Installation of Home Security Camera Systems
Retailers, whether brick-and-mortar or online, will always be happy to sell you the equipment for your home security system, but who is going to install it? The two obvious options regarding getting any Home Security system installed are self-installed – the do-it-yourself, DIY approach – or professionally installed. Even with wireless video camera systems, power is a requirement unless the system is a ‘wire-free’ system in which case it runs from batteries that will need to be recharged monthly or more frequently depending on how active they are. ‘Wire-free’ systems with security lights will require charging more frequently.
The power source can be a local power outlet, or it can a specially run power cable. If you want to have a battery backup so that your video surveillance will continue to operate even if you have a power outage, then using a local power outlet is not an option; you will have to install, or have installed, separate power wiring. If the camera system is not Wi-Fi, then you will also need to have network cabling installed for each camera location.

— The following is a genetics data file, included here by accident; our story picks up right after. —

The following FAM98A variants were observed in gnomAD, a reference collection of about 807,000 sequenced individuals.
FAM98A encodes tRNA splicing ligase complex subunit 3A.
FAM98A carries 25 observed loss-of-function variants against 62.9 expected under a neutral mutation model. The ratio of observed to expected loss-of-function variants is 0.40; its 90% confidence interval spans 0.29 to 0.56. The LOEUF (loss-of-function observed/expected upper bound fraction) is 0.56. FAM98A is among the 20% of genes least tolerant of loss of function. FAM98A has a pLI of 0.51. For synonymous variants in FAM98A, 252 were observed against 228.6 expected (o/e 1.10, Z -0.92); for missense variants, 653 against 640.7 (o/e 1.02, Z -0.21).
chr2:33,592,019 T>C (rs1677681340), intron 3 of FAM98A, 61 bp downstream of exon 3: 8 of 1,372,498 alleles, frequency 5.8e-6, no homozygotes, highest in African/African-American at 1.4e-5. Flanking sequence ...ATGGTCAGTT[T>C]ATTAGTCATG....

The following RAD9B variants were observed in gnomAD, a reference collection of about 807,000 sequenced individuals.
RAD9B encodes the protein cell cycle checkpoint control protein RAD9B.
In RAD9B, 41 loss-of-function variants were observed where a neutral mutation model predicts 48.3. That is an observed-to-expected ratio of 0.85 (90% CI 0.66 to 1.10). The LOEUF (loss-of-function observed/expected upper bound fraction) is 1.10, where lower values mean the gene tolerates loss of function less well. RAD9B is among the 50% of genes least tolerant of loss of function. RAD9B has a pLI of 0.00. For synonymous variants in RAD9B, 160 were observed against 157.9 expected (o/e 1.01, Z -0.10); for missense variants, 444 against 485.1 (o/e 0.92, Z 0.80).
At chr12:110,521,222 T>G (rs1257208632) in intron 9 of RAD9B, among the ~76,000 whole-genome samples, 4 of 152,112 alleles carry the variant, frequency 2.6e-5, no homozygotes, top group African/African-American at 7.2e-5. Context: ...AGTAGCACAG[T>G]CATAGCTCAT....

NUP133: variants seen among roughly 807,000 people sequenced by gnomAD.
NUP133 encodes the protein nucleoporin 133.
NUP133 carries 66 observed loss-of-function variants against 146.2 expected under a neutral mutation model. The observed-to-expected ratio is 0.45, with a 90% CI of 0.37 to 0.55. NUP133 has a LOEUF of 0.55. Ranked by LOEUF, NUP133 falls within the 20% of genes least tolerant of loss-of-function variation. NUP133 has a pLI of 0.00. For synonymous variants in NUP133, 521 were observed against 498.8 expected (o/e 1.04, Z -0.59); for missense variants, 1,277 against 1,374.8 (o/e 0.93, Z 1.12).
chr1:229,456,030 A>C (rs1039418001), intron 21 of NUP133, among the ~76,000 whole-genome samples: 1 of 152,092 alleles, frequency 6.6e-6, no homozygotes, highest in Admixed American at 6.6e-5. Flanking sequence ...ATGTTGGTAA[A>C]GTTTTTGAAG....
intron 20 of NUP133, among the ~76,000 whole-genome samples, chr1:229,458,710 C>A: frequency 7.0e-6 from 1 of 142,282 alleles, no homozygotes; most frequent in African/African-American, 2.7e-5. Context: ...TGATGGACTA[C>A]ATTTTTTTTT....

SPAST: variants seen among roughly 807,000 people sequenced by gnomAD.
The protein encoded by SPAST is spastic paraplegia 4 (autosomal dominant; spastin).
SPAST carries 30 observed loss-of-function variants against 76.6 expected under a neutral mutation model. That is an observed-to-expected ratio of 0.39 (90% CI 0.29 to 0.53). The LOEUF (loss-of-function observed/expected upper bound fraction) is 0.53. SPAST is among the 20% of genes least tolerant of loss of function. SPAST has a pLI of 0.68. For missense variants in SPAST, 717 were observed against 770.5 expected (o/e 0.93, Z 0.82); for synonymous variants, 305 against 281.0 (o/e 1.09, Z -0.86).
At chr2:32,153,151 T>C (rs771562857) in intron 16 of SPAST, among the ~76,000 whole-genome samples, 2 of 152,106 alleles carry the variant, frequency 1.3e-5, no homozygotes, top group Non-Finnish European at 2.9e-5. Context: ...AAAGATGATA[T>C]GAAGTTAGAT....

Legal Considerations – State Laws
States have laws that may apply to installation of a video system in the home. State laws may exceed Federal laws and so it is necessary to check before purchasing and installing. For example, in California, ‘Nanny cams’, home security cameras and dash cams are easily accessible to the average citizen and all three are legal in California. Owners of these cameras don’t need to ask permission to video record in a public place so as long as there is no audio eavesdropping on a private conversation. As a general guideline, you cannot place hidden cameras inside the bathroom or bedrooms of a home.
Checking what local State laws apply is advised. However, here is a single point resource that provides some initial guidance for all States: www.robertreeveslaw.com/blog/nanny-cams/.